Lots of things did not go as planned. We saw no Aurora Borealis and the whales were nowhere in sight. I knew this would happen. The season was not ideal for watching the lights, but it was worth a try. Plus the winter equinox (longer nights, shorter days) made it hard to do much unless you’re a night person or really love winter. The only silver lining was that it was low season. There were fewer tourists, so it was easier to walk around the city.
The day of the trip, I called the boat company to confirm our reservations. Sometimes, being paranoid helps and in this case, it was the reason we were on that boat. Apparently, our names were not on the list even though I booked online weeks ago. We were lucky that the person on the phone was reasonable. I gave him our confirmation number and names. Pretty soon, a man picked us up at a meeting point.
He looked pissed and annoyed as he drove frantically to the pier. There was no explanation—nor apology—and so we sat in the back of the van awkwardly. When we got there, everyone was already inside the boat, and the crew was waiting for us—the very last passengers. Judging eyes followed us as we walked past people already settled in their seats. I felt my face flush. It wasn’t our fault but how were they supposed to know that? They probably thought we were irresponsible tourists. The boat’s engine started seconds later, and everyone resumed their business.
There’s a narrow staircase that lead to the bottom of the deck. We grabbed overalls that looked like something you see in deep-sea fishing shows.
Moving around wasn’t easy because of the consistent shifting of the boat. People stood by the edges and kept their eyes fixed on the water. I imagined seeing one or two whales jumping out of the ocean, swimming close to the boat. I always had a profound love for the sea and the creatures living in it. I used to have an encyclopedia when I was a kid that had pictures of sharks and whales.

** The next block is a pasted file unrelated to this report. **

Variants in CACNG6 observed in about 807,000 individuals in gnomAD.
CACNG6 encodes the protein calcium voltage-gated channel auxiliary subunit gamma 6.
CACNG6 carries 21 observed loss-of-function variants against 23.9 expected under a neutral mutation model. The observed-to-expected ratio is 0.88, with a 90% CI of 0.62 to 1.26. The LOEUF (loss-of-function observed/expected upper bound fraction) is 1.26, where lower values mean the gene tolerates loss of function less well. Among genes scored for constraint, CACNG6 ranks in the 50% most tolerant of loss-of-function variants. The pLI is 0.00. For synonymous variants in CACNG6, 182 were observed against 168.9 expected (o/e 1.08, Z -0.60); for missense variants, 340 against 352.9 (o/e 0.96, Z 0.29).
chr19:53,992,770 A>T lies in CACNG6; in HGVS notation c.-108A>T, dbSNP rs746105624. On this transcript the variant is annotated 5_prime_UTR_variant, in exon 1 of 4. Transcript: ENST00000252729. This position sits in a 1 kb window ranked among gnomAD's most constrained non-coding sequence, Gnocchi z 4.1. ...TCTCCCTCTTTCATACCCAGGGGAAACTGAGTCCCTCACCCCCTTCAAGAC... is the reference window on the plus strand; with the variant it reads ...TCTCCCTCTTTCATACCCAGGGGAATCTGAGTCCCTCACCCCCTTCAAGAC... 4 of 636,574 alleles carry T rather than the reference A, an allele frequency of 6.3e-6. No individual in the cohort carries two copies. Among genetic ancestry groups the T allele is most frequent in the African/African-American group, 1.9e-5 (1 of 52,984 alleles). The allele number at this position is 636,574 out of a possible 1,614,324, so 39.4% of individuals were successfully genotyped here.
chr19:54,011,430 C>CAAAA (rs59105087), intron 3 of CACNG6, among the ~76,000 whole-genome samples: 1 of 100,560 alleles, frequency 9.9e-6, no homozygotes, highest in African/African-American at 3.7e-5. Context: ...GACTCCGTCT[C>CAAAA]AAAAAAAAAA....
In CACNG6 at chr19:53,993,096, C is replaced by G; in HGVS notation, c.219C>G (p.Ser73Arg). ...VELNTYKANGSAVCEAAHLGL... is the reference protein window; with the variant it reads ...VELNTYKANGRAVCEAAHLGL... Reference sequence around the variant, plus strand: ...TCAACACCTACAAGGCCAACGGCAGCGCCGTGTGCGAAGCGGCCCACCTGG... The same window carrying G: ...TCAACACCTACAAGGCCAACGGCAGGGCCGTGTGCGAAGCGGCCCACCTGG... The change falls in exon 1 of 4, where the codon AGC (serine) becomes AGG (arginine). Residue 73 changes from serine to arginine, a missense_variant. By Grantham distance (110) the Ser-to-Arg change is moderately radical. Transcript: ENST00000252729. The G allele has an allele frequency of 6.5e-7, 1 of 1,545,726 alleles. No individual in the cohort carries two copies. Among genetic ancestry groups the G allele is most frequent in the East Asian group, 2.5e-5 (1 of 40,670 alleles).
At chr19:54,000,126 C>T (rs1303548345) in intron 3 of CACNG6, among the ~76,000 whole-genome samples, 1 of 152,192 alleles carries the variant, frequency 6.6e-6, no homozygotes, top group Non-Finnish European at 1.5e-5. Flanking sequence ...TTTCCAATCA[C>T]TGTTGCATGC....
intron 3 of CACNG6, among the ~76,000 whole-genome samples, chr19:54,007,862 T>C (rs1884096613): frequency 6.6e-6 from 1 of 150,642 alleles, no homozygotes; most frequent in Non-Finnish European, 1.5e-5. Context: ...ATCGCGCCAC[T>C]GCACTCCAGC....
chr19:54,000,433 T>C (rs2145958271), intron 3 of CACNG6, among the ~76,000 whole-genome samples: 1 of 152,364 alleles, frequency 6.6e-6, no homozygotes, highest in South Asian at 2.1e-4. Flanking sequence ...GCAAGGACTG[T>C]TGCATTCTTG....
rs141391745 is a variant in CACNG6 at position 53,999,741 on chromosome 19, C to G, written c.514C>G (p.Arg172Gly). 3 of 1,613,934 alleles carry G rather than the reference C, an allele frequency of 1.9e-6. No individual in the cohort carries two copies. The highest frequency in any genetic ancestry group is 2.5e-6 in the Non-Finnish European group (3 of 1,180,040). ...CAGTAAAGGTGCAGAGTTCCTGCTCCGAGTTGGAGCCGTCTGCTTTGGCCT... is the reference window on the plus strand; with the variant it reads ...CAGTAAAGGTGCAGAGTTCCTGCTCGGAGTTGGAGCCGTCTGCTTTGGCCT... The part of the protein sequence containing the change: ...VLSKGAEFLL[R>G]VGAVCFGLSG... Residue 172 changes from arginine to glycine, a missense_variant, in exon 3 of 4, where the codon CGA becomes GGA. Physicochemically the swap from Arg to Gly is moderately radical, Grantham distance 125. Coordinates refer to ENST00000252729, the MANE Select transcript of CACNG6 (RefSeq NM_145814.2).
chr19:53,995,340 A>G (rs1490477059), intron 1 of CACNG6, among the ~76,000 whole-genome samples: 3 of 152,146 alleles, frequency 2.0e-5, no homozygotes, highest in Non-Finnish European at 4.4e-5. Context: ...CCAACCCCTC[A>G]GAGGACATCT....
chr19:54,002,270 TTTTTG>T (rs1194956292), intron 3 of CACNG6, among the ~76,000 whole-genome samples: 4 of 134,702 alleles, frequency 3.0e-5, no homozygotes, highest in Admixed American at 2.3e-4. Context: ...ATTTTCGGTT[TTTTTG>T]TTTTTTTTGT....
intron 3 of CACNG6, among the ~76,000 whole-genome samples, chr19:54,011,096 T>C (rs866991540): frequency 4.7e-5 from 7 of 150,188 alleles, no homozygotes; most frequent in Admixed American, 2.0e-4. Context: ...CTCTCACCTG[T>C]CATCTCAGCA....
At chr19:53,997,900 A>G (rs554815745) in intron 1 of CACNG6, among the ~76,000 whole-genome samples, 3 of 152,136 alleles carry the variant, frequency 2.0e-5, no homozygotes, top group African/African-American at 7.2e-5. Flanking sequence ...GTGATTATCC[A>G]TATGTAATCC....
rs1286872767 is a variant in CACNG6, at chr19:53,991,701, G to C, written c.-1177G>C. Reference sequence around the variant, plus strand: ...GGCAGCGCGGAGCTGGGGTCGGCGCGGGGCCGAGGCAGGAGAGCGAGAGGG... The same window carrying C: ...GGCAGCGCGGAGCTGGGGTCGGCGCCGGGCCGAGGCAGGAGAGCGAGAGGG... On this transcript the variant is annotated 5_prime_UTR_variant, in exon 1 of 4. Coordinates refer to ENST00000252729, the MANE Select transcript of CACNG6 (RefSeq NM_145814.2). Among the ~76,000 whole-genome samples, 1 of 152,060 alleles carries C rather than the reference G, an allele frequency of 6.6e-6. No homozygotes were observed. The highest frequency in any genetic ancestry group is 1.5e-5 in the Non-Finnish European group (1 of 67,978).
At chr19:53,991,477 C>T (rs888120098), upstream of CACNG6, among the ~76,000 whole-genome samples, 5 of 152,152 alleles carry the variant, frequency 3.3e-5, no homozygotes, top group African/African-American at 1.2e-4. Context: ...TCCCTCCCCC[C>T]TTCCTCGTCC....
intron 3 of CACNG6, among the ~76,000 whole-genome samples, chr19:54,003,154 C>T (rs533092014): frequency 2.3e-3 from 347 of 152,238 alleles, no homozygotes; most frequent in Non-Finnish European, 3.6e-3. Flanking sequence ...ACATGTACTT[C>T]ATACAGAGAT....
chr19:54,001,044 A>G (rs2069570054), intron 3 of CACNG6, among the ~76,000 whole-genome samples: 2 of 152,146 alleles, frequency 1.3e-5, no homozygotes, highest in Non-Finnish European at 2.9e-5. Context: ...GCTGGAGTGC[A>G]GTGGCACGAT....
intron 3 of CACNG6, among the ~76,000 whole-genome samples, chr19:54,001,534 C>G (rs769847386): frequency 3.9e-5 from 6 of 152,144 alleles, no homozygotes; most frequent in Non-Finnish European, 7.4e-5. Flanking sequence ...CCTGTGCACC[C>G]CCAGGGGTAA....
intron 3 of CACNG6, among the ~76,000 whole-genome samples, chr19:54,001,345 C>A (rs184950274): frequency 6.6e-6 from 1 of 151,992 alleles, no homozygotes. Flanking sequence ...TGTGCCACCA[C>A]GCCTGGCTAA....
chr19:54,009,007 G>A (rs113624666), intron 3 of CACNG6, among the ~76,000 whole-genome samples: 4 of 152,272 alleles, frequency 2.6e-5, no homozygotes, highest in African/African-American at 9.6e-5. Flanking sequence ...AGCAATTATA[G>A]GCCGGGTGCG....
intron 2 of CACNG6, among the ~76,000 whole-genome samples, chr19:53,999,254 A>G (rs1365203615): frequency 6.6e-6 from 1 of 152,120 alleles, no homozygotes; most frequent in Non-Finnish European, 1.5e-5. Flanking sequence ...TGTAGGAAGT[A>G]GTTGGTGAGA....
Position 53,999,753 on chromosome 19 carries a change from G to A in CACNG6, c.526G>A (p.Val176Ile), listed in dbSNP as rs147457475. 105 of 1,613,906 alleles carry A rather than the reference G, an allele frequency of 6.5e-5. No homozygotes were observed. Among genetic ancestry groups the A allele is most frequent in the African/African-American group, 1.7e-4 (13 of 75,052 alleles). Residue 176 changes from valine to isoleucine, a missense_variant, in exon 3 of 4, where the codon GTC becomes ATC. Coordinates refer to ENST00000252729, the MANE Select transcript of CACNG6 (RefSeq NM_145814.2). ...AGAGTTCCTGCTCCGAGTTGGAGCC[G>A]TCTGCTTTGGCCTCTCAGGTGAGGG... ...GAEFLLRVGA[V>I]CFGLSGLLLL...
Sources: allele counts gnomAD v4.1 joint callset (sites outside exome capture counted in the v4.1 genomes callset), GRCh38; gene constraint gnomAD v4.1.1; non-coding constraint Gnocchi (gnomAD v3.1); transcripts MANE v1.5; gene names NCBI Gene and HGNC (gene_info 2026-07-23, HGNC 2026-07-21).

Hot chocolate sounds good right now. My body was warm thanks to the overalls, but my face and hands were freezing. Every now and then, it would rain, followed by mild snow, then rain again. It was as if the sky couldn’t make up its mind about what it wants.
The guide sat on an elevated platform reciting facts about whales with his monotone voice. Everyone was eager to see something that every time someone pointed at the sea, people turned towards that direction only to be disappointed. People eventually got bored and after a few hours of standing around, went inside the deck for warmth. Jeremie decided to follow them and slept the rest of the trip.
As for me, I stayed, holding on to my camera still hoping for something to happen. Maybe I’ll see a fin. I wouldn’t mind that. My hopes were high even when it was almost time to head back to land.
Up ahead, snowy mountains began to emerge. The guide said something on the radio. We were going to try one more spot and then head back to the pier.
We never saw any whales that day. Despite hours at sea, there was nothing to see. I was disappointed but knew I would see them one day. Maybe not in Iceland, but I was determined to see them in the wild.